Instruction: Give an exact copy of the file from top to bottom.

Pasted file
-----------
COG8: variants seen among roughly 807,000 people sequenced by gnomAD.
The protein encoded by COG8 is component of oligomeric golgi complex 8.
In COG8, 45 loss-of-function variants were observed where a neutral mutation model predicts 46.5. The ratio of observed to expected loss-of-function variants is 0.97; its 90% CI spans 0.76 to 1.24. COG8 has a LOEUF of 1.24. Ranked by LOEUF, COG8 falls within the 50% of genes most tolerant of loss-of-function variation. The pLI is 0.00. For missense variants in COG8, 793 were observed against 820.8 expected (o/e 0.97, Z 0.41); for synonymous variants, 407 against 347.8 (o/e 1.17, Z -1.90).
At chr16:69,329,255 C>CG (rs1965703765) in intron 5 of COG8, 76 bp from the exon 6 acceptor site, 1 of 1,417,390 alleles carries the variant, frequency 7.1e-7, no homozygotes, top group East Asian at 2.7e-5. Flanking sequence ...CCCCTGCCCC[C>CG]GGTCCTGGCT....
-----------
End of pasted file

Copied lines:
COG8: variants seen among roughly 807,000 people sequenced by gnomAD.
The protein encoded by COG8 is component of oligomeric golgi complex 8.
In COG8, 45 loss-of-function variants were observed where a neutral mutation model predicts 46.5. The ratio of observed to expected loss-of-function variants is 0.97; its 90% CI spans 0.76 to 1.24. COG8 has a LOEUF of 1.24. Ranked by LOEUF, COG8 falls within the 50% of genes most tolerant of loss-of-function variation. The pLI is 0.00. For missense variants in COG8, 793 were observed against 820.8 expected (o/e 0.97, Z 0.41); for synonymous variants, 407 against 347.8 (o/e 1.17, Z -1.90).
At chr16:69,329,255 C>CG (rs1965703765) in intron 5 of COG8, 76 bp from the exon 6 acceptor site, 1 of 1,417,390 alleles carries the variant, frequency 7.1e-7, no homozygotes, top group East Asian at 2.7e-5. Flanking sequence ...CCCCTGCCCC[C>CG]GGTCCTGGCT....